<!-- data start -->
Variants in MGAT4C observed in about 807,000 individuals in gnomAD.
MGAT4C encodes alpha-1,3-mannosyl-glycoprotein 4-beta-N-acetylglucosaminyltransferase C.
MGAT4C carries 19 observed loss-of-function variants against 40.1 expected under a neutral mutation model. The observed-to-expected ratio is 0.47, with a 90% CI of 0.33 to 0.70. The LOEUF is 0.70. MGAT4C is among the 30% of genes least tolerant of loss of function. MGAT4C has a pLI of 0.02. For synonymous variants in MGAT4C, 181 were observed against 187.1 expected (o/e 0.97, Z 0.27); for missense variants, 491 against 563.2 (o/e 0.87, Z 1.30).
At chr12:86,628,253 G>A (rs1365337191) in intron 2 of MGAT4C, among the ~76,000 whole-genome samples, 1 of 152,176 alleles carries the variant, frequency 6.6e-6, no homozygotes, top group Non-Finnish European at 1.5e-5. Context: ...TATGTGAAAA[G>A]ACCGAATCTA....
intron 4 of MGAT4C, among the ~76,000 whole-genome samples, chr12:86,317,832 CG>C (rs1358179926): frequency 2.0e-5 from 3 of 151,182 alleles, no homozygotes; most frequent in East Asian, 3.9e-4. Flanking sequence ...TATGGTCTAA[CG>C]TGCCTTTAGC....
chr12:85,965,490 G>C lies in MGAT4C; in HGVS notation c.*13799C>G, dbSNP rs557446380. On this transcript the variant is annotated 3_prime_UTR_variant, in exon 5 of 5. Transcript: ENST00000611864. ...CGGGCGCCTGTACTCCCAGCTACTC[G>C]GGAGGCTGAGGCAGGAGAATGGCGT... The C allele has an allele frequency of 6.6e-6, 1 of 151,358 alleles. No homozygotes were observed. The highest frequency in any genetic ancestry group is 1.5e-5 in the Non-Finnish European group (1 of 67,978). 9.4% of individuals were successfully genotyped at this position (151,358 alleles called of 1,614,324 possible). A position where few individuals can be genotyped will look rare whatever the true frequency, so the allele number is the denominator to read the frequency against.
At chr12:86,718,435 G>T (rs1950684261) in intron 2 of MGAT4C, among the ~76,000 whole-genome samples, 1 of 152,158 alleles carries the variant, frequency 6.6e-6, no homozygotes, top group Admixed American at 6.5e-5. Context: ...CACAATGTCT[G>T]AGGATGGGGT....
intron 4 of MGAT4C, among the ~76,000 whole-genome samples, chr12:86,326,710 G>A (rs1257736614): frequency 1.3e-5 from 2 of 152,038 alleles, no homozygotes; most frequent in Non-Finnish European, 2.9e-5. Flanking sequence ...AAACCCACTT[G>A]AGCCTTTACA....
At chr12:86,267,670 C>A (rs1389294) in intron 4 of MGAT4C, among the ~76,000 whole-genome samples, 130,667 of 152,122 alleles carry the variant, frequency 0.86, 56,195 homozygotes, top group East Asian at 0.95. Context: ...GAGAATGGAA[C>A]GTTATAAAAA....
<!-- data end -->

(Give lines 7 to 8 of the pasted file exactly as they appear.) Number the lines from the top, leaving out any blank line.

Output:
At chr12:86,718,435 G>T (rs1950684261) in intron 2 of MGAT4C, among the ~76,000 whole-genome samples, 1 of 152,158 alleles carries the variant, frequency 6.6e-6, no homozygotes, top group Admixed American at 6.5e-5. Context: ...CACAATGTCT[G>T]AGGATGGGGT....
intron 4 of MGAT4C, among the ~76,000 whole-genome samples, chr12:86,326,710 G>A (rs1257736614): frequency 1.3e-5 from 2 of 152,038 alleles, no homozygotes; most frequent in Non-Finnish European, 2.9e-5. Flanking sequence ...AAACCCACTT[G>A]AGCCTTTACA....